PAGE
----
Liliya Ulasava, a lawyer and representative of the Presidium of the Coordination Council, was released from jail several weeks ago. Just like a number of other political prisoners were after participating in a “dialogue” with Lukashenka in the KGB pre-trial detention center.
The mediator told TUT.by in what conditions women are kept in the Valadarka jail and what Lukashenka said at a meeting with political prisoners in the KGB pre-trial detention center.
In Valadarka I “lived” in two cells. The first cell for six people was on the territory of the prison hospital; there were sick people, including those with serious mental illness.
In prison, for the first time in my life, I saw the quintessence of human suffering: tears, anger, hopelessness, despair, remorse and aggression. The grave condition of the inmates forced them to switch from their own trouble to someone else’s. I tried to distract them with conversations, I always kept medicines on hand, as there were tantrums and even fights (in the first, hospital cell). I didn’t ask why they were in prison, because I saw in them, first of all, unhappy people who needed support. Most of the women had already been convicted and were waiting for their case to be considered by the Court of Appeal or to be sent to a colony in Homiel.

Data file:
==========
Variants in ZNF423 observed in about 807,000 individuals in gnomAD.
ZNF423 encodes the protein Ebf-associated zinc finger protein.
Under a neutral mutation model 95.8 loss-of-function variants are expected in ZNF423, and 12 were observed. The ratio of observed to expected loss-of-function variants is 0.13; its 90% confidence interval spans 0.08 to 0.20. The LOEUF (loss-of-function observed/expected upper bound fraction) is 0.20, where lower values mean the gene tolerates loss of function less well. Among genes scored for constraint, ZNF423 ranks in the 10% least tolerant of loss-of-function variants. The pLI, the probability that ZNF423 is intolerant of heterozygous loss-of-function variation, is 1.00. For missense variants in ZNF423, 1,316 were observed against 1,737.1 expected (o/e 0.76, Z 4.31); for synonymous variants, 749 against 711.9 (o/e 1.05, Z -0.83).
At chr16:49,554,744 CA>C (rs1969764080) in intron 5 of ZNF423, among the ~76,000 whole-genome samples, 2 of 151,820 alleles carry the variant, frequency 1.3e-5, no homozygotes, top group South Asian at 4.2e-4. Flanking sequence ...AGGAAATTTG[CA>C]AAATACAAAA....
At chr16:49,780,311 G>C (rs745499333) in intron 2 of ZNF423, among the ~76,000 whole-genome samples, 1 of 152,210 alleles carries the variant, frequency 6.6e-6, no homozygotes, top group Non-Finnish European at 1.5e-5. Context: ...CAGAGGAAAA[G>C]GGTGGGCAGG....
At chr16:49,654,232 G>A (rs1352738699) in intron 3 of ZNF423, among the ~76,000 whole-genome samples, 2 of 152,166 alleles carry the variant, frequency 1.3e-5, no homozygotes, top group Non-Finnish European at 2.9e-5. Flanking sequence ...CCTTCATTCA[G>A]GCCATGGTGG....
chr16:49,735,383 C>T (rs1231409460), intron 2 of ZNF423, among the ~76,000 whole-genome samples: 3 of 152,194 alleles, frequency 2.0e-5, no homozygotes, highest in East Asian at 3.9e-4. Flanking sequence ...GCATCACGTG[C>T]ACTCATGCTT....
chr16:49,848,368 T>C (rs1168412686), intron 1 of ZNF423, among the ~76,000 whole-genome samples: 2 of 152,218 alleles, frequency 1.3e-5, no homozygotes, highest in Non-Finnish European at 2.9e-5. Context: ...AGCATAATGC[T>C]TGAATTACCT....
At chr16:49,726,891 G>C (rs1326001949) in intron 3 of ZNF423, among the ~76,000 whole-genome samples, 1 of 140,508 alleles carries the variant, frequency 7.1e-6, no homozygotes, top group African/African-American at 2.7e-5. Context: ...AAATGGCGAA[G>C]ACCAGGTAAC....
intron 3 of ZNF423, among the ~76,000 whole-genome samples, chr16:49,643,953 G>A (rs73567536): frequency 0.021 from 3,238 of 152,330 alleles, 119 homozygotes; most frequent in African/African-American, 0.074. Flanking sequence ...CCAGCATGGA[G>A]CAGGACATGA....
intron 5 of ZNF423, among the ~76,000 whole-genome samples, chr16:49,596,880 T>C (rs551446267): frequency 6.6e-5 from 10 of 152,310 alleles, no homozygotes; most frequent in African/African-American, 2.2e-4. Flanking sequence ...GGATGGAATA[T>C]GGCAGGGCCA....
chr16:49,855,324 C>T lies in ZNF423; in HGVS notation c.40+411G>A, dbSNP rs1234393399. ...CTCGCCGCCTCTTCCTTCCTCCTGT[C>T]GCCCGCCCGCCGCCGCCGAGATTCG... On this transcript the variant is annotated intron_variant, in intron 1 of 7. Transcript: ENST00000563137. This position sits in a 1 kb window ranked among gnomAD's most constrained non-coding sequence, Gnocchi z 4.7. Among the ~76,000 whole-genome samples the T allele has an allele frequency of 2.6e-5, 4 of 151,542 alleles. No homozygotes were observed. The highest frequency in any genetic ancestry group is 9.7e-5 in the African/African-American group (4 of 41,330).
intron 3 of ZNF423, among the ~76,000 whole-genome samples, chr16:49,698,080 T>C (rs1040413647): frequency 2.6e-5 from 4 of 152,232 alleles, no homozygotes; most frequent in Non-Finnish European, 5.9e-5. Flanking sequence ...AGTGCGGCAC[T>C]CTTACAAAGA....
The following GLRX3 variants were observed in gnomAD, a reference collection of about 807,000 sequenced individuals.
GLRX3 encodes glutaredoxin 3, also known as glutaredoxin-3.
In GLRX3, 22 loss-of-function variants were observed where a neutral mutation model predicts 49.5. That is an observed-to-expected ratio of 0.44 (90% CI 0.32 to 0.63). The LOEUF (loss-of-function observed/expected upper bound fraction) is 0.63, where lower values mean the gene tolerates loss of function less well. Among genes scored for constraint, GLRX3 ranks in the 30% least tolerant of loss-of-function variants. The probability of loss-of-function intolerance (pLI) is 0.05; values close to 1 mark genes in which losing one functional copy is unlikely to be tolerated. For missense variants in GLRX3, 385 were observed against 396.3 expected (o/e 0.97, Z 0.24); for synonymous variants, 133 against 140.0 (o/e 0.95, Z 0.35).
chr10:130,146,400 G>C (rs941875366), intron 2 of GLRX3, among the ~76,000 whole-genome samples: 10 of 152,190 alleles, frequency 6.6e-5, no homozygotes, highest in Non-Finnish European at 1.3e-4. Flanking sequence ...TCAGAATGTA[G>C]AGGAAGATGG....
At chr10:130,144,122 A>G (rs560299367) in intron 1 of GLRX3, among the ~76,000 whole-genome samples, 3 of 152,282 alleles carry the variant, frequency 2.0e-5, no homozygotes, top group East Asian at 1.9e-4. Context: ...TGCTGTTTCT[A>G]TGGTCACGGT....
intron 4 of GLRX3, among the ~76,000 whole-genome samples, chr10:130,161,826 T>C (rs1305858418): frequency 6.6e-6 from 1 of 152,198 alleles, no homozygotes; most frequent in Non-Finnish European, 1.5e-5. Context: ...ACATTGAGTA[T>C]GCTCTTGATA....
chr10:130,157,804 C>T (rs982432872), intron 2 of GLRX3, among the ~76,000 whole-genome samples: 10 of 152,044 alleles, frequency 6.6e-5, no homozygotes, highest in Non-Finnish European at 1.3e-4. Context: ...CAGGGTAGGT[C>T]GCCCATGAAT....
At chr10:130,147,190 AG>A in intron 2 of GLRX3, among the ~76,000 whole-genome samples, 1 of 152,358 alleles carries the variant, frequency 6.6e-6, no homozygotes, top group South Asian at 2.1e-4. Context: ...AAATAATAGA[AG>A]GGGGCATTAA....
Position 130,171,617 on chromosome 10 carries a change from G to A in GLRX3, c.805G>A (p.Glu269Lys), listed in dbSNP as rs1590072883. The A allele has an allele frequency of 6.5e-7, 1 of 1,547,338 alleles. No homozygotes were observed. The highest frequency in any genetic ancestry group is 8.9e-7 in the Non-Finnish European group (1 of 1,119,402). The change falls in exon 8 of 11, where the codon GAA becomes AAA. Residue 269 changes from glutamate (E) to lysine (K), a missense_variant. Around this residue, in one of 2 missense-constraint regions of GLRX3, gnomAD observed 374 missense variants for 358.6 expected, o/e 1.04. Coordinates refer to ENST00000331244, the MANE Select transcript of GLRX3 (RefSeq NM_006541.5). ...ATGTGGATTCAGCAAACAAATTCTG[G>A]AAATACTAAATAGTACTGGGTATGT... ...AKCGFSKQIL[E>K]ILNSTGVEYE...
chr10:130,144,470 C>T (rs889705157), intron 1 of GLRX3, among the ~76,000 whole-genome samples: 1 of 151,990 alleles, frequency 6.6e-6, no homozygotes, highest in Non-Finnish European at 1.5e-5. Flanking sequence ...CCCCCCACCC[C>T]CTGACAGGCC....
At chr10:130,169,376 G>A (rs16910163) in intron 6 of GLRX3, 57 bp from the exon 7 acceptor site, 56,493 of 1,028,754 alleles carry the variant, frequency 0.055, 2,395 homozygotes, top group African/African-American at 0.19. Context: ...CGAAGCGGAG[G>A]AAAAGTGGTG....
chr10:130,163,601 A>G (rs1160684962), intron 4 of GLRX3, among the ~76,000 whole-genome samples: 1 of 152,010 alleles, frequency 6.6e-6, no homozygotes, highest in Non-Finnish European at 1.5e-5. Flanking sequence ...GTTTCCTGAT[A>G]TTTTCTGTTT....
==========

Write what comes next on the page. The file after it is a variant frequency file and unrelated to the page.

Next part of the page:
Meeting with Lukashenka
On Saturday, October 10, at 6.30 am, a guard entered my cell and said: “Ulasava, get dressed for the season and head for the exit.” I asked where we were going. They answered me we were going to take part in the investigative activities. You cannot refuse. Only when we turned from Independence Avenue to Kamsamolskaya Street, I realized that they were being taken to the KGB. They put me in an office with a security guard and asked me to wait for a lawyer. At about 12 I was taken to a hall in which there were already people. From those present, I was familiar with Babaryka, Znak and Saley. Viktar Babaryka, next to whom I was seated, joked: “It sounds blasphemous, of course, but I’m glad to see you.” I was also glad to see him alive. When Lukashenka entered the hall, at first I thought that this was his double, this was some kind of joke, it could not be that he came to the arrested.
I asked Lukashenka a question: “I have never been involved in politics, I came to the Coordination Council as a negotiator and mediator, stayed there for 12 days, why did you put me in prison?” In response, I heard: “I wish you kept to your mediation, why did you get involved?”